Tag Archives: Africa

Climate clippings 79

Climate clippings_175These posts are intended to share information and ideas about climate change and hence act as an open thread. This post has emphasised science, observations and impacts. Comments, about science, observations impacts, and future predictions are welcome. I do not, however, want a rehash of whether human activity causes climate change.

1. SAM and ENSO divorce

Roger Jones at Understanding Climate Risk has a post on global warming breaking the link between SAM and ENSO, with consequences for our weather.

To help, GMT in the graph means ‘global mean temperature’.


With the global warming signal taken out (top panel), the relationship between ENSO and SAM is strong but with it in, they depart in the late 1960s (lower panel).

There’s also an article in The Age.

From Jones:

So what does this mean for Australia’s climate? It means that an overwhelmingly positive SAM is keeping the westerlies south and contributing to our drier autumn winters and delivering weather typical of the Riverina to southern Victoria according to Cai. Recovery of the ozone layer and reduction in greenhouse gas emission would stabilise this process, rather than continuing to send it south.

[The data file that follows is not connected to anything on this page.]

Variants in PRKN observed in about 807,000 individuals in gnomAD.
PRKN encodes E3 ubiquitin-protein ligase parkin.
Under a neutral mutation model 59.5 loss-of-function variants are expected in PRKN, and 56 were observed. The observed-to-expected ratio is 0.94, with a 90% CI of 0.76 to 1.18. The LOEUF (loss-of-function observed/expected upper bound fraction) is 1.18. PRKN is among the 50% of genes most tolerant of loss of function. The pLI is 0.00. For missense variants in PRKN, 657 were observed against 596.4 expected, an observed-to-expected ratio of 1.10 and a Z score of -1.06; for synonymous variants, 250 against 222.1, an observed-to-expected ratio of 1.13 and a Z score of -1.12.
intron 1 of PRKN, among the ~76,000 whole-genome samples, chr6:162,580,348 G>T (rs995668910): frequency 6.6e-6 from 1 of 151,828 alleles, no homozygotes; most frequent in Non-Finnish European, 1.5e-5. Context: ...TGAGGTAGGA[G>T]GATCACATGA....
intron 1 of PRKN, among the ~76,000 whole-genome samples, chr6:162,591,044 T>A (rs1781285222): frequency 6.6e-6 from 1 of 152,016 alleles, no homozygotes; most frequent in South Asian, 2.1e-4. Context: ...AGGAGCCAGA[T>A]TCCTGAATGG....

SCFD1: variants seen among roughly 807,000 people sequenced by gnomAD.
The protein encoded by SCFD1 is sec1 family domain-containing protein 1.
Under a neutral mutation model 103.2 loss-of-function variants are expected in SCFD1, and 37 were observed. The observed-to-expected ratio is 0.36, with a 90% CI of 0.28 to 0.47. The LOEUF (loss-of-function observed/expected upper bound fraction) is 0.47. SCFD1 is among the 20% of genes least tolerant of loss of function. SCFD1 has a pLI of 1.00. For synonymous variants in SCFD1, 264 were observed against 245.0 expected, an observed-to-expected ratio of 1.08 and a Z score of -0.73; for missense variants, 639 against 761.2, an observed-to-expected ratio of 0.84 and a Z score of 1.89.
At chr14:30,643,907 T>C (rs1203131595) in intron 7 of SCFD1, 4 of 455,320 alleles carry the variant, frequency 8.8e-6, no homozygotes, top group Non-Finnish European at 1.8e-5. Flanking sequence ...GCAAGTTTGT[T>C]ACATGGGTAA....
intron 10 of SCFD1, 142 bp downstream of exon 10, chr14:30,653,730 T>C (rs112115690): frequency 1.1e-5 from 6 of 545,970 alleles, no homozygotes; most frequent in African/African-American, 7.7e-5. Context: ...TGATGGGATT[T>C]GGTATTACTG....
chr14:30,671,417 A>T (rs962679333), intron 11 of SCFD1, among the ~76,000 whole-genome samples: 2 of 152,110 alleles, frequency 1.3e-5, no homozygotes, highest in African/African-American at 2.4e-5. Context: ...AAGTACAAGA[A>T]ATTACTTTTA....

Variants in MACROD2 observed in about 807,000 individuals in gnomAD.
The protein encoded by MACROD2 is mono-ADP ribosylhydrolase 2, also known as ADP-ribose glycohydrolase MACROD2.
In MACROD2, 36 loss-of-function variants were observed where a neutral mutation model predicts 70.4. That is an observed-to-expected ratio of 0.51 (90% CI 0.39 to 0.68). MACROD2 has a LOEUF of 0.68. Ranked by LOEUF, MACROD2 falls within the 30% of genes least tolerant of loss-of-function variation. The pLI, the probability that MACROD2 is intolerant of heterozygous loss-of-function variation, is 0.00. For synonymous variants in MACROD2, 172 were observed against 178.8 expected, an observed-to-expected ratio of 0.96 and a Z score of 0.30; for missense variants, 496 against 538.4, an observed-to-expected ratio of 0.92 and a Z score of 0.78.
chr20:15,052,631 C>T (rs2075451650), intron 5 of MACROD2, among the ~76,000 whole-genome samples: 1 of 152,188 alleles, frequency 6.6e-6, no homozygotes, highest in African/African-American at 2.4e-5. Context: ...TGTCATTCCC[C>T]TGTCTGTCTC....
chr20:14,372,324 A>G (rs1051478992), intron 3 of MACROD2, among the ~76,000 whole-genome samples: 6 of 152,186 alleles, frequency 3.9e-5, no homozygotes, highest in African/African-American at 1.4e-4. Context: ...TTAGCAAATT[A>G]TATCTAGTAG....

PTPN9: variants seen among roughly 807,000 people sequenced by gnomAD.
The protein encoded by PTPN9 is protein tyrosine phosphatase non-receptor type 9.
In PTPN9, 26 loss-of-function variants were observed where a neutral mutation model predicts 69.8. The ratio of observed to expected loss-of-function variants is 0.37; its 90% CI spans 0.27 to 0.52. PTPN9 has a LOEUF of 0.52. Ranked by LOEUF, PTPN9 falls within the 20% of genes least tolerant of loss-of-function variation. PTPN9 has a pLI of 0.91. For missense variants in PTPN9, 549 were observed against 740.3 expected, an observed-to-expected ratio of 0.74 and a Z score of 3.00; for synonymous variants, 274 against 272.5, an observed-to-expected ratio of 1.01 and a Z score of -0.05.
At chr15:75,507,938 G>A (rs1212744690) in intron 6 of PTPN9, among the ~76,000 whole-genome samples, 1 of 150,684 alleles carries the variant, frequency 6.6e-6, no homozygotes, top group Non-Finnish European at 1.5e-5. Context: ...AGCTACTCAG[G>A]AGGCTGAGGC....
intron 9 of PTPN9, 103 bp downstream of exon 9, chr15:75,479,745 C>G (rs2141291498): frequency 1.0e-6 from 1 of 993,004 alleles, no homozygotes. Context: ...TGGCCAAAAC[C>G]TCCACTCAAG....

In summer it also allows the easterly trades greater access, bringing in more moisture from the tropics and enhancing La Niña summer rainfall. Continue reading Climate clippings 79

Climate clippings 14

These posts include a brief mention of a number of news items relating to climate change. They don’t preclude treating any of these topics at more length in a separate post.

They can also serve as an open thread so that we can keep each other informed on important climate news.

Monckton madness

John Cook at Skeptical Science has a post on two of Monckton’s oft-repeated pieces of climate change misinformation – that climate sensitivity, a measure of how much the earth warms from rising CO2, is so low that you can burn coal with impunity and that sea levels are not going to rise much in the future.

Cook has conveniently collected all his articles on Monckton Myths. Indeed this one lists 15 of them together with their antidotes. For example, Monckton claims that Arctic sea ice loss is matched by Antarctic sea ice gain, whereas in fact Arctic sea ice loss is three times greater than Antarctic sea ice gain.

Oops, said I wasn’t going to mention ice this time. Continue reading Climate clippings 14